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This mechanism lets you create a set of build process templates (for example you can have one template for CI builds, one for nightly builds, one for relase builds etc… These templates can be stored in a dedicated location in source control and any changes to them should only be allowed for the build managers. Application developers can then setup new builds from the existing templates and should only need to modify the parameters (see below) which are not part of the template but stored together with the build definition.

 

You can view and/or edit the build process file by clicking the link which takes you to the source control explorer, then double-click the xaml file to open it up in the workflow designer. The following (slightly MSPaint hacked) screen shot show you the top level process of the DefaultTemplate build process:

 

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You can drill-down into the different activities to see how the process is designed. In my next post I will show how to customize the build process by adding new activities to it.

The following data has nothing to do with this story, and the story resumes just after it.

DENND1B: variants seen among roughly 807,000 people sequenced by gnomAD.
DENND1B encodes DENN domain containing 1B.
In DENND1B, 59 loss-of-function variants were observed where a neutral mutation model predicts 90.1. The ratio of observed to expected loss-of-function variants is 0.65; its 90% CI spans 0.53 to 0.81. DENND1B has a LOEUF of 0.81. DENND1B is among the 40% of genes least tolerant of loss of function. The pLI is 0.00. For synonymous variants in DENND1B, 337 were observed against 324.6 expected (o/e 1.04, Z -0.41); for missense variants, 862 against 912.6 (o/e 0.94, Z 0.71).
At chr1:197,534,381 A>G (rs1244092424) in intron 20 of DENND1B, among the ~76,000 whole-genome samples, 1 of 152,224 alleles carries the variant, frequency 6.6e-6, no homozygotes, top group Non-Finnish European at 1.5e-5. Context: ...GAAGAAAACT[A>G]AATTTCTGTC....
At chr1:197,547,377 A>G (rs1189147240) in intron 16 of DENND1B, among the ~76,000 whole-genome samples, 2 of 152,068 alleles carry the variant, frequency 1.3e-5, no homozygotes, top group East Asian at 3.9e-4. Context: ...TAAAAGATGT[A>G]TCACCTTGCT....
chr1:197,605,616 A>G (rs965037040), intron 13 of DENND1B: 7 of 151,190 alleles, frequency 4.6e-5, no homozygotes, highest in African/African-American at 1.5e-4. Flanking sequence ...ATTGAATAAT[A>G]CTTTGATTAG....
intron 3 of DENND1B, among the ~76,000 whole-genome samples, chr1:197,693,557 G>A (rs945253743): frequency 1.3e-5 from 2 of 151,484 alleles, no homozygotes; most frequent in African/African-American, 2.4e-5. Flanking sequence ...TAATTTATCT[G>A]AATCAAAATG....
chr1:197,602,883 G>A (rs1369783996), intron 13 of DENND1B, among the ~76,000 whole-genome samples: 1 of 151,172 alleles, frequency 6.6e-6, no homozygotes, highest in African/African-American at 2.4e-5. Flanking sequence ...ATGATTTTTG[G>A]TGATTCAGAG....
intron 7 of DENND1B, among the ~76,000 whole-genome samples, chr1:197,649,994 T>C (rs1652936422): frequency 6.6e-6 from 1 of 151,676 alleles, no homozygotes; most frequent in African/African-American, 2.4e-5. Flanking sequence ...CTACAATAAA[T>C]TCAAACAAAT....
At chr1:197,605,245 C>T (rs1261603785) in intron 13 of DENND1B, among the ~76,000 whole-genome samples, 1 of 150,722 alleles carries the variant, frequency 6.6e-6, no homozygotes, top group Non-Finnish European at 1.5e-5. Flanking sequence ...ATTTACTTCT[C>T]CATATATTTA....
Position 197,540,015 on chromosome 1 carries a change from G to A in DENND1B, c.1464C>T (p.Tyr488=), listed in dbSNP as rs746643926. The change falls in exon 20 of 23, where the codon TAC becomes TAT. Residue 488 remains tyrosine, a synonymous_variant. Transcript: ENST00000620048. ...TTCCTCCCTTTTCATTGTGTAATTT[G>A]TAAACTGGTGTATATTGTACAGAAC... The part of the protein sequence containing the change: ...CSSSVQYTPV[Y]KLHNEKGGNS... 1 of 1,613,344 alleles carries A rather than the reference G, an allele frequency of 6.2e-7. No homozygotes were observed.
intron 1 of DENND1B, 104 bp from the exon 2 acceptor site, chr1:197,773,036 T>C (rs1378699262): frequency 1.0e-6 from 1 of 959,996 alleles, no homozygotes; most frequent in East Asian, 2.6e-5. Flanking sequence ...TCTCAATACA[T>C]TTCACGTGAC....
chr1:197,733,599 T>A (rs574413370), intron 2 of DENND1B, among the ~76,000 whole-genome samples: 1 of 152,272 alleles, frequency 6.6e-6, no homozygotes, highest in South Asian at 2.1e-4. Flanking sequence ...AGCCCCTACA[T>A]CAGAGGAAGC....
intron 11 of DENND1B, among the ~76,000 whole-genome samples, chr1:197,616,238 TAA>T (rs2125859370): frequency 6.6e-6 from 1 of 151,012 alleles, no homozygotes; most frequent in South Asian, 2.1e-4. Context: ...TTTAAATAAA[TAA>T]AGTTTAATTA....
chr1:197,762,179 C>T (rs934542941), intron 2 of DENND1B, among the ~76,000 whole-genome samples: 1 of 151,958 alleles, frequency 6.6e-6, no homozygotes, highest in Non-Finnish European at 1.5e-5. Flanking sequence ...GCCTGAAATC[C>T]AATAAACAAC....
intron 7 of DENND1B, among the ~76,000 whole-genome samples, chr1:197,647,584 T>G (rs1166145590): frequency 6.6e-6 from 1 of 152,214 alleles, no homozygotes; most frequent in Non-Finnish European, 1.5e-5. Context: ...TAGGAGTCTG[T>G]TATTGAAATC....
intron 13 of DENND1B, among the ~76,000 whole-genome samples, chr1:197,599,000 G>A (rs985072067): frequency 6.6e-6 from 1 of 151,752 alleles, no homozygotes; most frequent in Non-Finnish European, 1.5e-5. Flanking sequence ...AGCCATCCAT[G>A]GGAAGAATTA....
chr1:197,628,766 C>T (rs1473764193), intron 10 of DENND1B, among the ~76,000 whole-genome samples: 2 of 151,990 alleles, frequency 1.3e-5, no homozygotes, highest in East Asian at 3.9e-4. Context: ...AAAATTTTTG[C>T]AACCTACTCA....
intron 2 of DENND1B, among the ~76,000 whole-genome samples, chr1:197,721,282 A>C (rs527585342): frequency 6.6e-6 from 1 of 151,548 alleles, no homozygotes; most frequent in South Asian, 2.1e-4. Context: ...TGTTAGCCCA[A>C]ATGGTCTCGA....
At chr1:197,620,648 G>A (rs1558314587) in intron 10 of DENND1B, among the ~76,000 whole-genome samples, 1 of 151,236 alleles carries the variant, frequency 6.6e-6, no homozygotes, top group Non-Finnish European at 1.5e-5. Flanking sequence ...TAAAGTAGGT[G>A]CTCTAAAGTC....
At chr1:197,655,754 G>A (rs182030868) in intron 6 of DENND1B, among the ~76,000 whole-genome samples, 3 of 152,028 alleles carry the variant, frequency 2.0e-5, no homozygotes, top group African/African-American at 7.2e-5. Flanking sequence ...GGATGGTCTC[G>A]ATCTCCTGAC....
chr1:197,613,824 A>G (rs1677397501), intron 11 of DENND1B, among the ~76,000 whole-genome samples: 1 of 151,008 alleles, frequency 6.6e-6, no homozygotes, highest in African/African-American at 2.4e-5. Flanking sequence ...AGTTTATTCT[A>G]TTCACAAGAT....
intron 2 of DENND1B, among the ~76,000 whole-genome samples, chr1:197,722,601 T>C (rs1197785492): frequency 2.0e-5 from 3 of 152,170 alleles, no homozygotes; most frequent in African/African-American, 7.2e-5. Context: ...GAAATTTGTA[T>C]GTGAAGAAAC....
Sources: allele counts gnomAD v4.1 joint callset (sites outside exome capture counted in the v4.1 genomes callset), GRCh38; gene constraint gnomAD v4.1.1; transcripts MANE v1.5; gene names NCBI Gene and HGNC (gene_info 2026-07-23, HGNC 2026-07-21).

When you have selected the build process template, you then go through the parameters of the build. The properties are defined in the build process as arguments to the workflow and corresponds to the MSBuild properties in the previous versions. If you have used team build before, you’ll definitely recognize many of the properties. The most important ones are:

 

Build Process Parameter Meaning Sample
Projects to Build The list of build projects  
Configurations to Build The list of configurations to build, on the format configuration|platform Debug|Any CPU, Release|Any CPU
Build Number Format The format of the unique build number that is generated for each build $(BuildDefinitionName)_$(Date:yyyyMMdd)$(Rev:.r)
Clean Workspace Controls what artifacts that should be deleted before the build starts. All – Deletes both sources and outputs (Full rebuild)
Outputs – Deletes outputs, and get only the sources that have changed (Incremental Get)